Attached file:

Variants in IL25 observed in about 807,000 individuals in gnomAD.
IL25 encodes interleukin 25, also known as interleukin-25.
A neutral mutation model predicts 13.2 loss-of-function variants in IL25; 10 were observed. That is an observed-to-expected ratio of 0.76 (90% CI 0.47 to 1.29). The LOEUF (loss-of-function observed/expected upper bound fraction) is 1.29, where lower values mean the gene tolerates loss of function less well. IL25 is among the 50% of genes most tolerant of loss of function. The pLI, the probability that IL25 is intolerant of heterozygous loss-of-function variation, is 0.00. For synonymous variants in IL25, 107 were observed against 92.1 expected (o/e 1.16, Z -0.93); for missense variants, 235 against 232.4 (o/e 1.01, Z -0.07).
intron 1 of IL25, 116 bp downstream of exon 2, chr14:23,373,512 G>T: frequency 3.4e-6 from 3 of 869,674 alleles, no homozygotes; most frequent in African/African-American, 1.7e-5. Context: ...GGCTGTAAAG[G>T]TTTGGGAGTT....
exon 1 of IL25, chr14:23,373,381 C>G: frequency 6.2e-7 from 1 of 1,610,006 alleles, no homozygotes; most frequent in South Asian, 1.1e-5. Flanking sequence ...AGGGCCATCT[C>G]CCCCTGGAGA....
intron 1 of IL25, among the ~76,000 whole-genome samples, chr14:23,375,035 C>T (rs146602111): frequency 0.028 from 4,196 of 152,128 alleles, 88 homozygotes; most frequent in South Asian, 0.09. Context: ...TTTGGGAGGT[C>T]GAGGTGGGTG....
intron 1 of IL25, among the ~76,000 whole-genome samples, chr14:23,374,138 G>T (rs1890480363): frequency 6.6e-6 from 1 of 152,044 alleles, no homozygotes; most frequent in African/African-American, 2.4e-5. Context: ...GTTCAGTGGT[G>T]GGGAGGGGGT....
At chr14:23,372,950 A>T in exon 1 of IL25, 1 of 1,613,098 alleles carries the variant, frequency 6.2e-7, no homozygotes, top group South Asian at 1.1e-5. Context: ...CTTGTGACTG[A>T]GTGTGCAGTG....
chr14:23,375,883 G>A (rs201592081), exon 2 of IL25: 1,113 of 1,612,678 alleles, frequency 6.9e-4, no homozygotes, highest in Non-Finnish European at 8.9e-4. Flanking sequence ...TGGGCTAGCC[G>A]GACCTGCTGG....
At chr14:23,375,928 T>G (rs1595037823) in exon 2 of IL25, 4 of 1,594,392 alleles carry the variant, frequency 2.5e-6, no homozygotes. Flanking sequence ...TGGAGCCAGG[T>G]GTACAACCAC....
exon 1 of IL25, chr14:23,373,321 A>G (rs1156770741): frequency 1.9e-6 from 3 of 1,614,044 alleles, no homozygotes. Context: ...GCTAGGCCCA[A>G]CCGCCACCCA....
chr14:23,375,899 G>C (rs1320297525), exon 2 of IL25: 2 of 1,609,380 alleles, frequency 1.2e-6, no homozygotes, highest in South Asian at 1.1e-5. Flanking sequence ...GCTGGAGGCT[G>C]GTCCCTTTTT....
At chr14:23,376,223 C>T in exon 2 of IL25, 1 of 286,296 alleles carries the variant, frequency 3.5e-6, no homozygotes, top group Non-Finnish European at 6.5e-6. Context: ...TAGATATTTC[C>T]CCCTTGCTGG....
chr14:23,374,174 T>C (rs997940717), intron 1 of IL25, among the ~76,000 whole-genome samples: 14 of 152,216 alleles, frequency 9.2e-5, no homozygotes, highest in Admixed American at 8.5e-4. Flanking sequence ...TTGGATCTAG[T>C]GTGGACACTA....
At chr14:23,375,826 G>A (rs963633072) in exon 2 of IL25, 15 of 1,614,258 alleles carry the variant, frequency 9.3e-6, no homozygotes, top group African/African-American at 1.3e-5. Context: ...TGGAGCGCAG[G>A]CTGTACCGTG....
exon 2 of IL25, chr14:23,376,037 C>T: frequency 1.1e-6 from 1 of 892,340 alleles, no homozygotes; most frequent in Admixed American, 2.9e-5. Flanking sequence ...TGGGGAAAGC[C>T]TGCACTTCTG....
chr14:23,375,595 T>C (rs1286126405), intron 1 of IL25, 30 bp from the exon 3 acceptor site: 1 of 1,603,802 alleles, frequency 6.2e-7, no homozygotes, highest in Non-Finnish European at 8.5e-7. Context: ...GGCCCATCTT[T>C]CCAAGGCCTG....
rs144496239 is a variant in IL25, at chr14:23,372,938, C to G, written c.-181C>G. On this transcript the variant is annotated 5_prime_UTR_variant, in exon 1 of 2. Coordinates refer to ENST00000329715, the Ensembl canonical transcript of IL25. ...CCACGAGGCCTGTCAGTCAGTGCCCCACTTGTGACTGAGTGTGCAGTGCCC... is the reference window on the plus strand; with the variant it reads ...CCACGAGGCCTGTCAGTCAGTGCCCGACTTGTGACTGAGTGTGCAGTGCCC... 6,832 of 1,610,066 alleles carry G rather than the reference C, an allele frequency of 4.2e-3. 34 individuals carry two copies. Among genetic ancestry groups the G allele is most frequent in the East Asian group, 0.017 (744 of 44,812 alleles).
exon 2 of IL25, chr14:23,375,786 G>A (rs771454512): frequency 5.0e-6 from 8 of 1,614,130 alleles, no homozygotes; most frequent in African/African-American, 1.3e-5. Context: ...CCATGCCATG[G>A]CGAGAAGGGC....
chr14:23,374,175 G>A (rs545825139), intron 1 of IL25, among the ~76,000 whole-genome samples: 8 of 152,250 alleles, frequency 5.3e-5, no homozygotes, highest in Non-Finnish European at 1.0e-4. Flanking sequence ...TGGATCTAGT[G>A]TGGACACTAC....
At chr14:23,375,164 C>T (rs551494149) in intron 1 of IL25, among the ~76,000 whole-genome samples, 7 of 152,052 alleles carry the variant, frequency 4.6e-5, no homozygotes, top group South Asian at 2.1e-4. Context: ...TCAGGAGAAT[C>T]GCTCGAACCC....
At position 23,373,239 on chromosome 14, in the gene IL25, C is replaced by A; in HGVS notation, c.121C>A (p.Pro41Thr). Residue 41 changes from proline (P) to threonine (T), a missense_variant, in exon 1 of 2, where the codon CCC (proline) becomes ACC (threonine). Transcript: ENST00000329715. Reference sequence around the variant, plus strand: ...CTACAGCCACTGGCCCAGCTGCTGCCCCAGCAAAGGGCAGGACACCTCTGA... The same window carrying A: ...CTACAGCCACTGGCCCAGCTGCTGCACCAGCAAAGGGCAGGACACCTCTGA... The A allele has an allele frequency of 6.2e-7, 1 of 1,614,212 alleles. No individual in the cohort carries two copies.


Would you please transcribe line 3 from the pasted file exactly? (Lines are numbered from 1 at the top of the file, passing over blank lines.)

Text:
A neutral mutation model predicts 13.2 loss-of-function variants in IL25; 10 were observed. That is an observed-to-expected ratio of 0.76 (90% CI 0.47 to 1.29). The LOEUF (loss-of-function observed/expected upper bound fraction) is 1.29, where lower values mean the gene tolerates loss of function less well. IL25 is among the 50% of genes most tolerant of loss of function. The pLI, the probability that IL25 is intolerant of heterozygous loss-of-function variation, is 0.00. For synonymous variants in IL25, 107 were observed against 92.1 expected (o/e 1.16, Z -0.93); for missense variants, 235 against 232.4 (o/e 1.01, Z -0.07).